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When I decided to do drag, one of the very first things I had to do was develop my drag character. This included coming up with a name and a style or aesthetic.
This is an extremely daunting task. Where do you start? As a writer, the best way to describe it is: I got “drag character development block”! I could be anyone I wanted to create, but who did I want to be?
Perfectionist that I am, I wanted to get it right the first time. I didn’t want to be that queen who starts performing under one name and then later switches to another; I was afraid that would be confusing and diminish my power.
But I was comforted by the advice of seasoned Las Vegas-based drag queen Coco Montrese : “Remember this, there’s no right or wrong when it comes to drag. Drag is the most open profession, hobby, whatever it can be. It’s the most open thing. There’s nothing you can do wrong.”
Lots of drag queens have names that are puns or use a clever form of wordplay. Anna Mosity, Rhea Listic, Clara Tin, Anita Cocktail, and Lauren Order are just a few.
These are fun, but I wanted to choose a name that had more meaning to me. To start the naming process, I first began thinking of attributes I wanted my drag character to have.
I wrote down: classy, fearless, confident, sleek, precise, complex, sexy-all things I wanted to be but wasn’t pulling off in my real life. Then I thought about what movie characters I have been drawn to in the past.
My favorite movie of all time is The Matrix (but not the two sequels; they suck). I love The Matrix for its lead female character, Trinity, played by Carrie Ann Moss.
Trinity is a computer hacker who has escaped from the Matrix where she was imprisoned by sentient machines. She is a kind of superwoman. Master of kung fu fighting and a skilled shooter, she can take out a roomful of gun-wielding enemies without displacing a single hair.
She is an equal partner with her male counterparts in the mission to defeat Agent Smith and the machines. I love that Trinity is a steely badass who can hold her own with the male characters but also exudes sexiness. In the movie, she possesses a quiet intensity, confidence, and power.
She isn’t bombastic or loud. Her costumes in the movie are always skin-tight, black, and usually vinyl or latex. She reminds me of a nerdy dominatrix in her shiny black catsuit and black boots.
So I chose Trinity as the name for my character. But something was missing. The name needed a second word. I thought about which other women or female characters I had connected with and one name kept coming up: Lady Gaga.
I had been studying her for over five years for my first solo book. She is fierce, fabulous, and confident-everything I wanted to be. I decided to combine “Lady” from Lady Gaga with Trinity to get Lady Trinity. I loved it!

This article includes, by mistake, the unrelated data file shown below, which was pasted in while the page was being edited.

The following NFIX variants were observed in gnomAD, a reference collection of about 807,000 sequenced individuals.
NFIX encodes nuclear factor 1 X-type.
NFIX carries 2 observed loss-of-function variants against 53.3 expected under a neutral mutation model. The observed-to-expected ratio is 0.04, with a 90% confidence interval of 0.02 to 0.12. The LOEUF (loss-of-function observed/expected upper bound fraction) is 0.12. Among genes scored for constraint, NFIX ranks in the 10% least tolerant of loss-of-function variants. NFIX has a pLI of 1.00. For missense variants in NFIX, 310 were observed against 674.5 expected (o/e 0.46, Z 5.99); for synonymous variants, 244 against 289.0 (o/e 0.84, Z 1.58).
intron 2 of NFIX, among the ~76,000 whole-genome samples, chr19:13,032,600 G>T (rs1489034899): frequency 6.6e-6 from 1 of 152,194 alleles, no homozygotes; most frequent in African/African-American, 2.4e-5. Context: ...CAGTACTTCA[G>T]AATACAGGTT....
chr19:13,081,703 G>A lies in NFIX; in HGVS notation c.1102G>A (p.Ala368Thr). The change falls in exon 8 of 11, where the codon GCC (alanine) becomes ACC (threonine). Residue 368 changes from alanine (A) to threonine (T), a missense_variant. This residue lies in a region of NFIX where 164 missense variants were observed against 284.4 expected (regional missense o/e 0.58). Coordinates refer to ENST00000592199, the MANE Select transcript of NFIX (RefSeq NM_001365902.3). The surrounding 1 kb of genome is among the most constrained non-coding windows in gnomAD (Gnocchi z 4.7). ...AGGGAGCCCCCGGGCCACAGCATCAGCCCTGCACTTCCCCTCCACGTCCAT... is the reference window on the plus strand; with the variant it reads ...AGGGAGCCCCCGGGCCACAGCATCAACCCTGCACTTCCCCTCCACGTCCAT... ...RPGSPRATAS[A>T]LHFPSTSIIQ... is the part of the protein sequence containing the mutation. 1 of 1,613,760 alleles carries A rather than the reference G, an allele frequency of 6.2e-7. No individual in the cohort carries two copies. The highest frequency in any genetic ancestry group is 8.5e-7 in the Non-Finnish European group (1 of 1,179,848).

But my friends didn’t. I shared the name with them and they thought it was just okay. I started to second-guess my choice. My friend Cameron, a fellow drag queen aficionado, started brainstorming names that he thought were more like the character attributes I had come up with earlier.
He suggested names like Veronique Stark, Bella Donna, and Veronica LaCroix. They were dark, sexy names, and perhaps could be those of beautiful burlesque dancers.
But I just wasn’t feeling it. The name Lady Trinity just had too much meaning for me. Not wavering from my choice was my first real act of power-a nod to the Trinity I was to become. I was-no, am-Lady Trinity.
It wasn’t until the first time I put on the thigh-high boots, Dynasty-shouldered jackets, glamorous long, wavy wigs, and bold makeup, though, that Lady Trinity came alive for me. She felt powerful. As Jackie, I was someone who often worried about what people thought of me.
Lady Trinity is different from the Jackie I was at the time. I often doubted myself, as many women do. For example, I remember deeply doubting myself when writing my previous book on Lady Gaga. Who in hell would want to read an entire business book with a crazy pop star as the main case study?
It took me months to really commit to writing it. I decided I was going to have to self-publish it because I thought no publisher would be interested.
Ultimately it was acquired by Portfolio, an imprint of Penguin Books and the top business book publisher in the industry right before I was about to self- publish it. And it has been a huge success. But I wasted months ruminating on whether to even write it in the first place.
Lady Trinity, however, believes in herself. She has the balls to perform in drag in nightclubs along with experienced queens. She knows that she is fierce and fabulous and doesn’t hesitate to wear something skimpy or provocative that most middle-aged women wouldn’t be caught dead in.
She is supremely confident. She doesn’t listen to the haters. She will do what she wants and is not concerned if others don’t like it. She’s not rude, but she won’t take any crap from anyone. Lady Trinity has the qualities that I’ve always wanted to have.
And now that I have her as a part of me, I can call her up, in and out of drag, and channel her confidence and fierceness.
~ Jackie Huba
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